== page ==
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Core Position in retirement accounts?

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  • Core Position in retirement accounts?

    One of my retirement accounts (rollover IRA) at Fidelity has an option for the "Core Position" funds.

    -> Screenshot attached.

    DMFA has mentioned using either in a retirement account, but is either preferred? Cash (FDIC insured), or a money market (not FDIC insured)?

    I suppose ideally ones accounts don't have large (cash) core positions, I can see a variety of reasons one would have some -> significant cash on hand. Any reasons not to use the money market?


  • #2
    Unless you're very close to retirement (and by that I mean 1-2 years away), I can't see the point of keeping any cash in your retirement accounts.  It doesn't earn squat, and you can't get to it in an emergency without paying a penalty to the IRS (unless we're talking about a Roth IRA.).  And even if the IRA is a Roth, since cash won't show much growth, I'd keep it in a taxable account and save the tax-protected Roth space for stock mutual funds or ETFs, bonds, and REITs.  Why waste valuable tax-advantaged space on an asset that won't show much taxable growth?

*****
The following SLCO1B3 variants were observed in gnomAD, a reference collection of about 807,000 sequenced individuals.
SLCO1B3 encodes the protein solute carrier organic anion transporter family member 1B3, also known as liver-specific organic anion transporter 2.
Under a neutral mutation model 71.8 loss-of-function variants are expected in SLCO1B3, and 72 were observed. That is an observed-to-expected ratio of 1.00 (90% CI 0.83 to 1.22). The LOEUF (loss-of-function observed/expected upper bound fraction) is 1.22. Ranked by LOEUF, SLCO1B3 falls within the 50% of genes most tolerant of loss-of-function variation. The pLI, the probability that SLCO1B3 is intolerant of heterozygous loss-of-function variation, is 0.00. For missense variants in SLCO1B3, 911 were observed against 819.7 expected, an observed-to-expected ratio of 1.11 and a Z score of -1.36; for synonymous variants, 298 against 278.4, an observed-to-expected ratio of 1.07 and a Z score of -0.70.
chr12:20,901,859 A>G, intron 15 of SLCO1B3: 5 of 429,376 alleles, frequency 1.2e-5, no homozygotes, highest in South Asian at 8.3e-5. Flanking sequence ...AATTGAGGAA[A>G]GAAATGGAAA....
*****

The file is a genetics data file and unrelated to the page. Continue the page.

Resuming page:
• #3
      Thats just your sweep account, all brokerages have similar. Say you have a 100k position and you sell half of it because you want to rebalance. If you dont do the purchase immediately it will "sweep" into the fund as a placeholder until you do so. They have to have a position for it I guess, but usually its just a good way to make money off the cash investors arent using. Schwab or someone was under fire a couple years ago because they were auto filling people into large cash allocations for that reason.


      • #4
        Oh, I agree artemis & Zaphod. Just sometimes you end up with some cash there - after a rollover, in between trades, from dividends, etc. For the days it does sit there - is there any reason not to use the money market?

        Just noticed it, and that it differed from my TD Ameritrade account which uses a money market by default, this Fidelity set up appears to default to (a less interest bearing) FDIC insured sweep account.


        • #5
          I honestly don't think it matters which account you use as your sweep.  The FDIC insured account is safer, but you're not talking about large sums of money.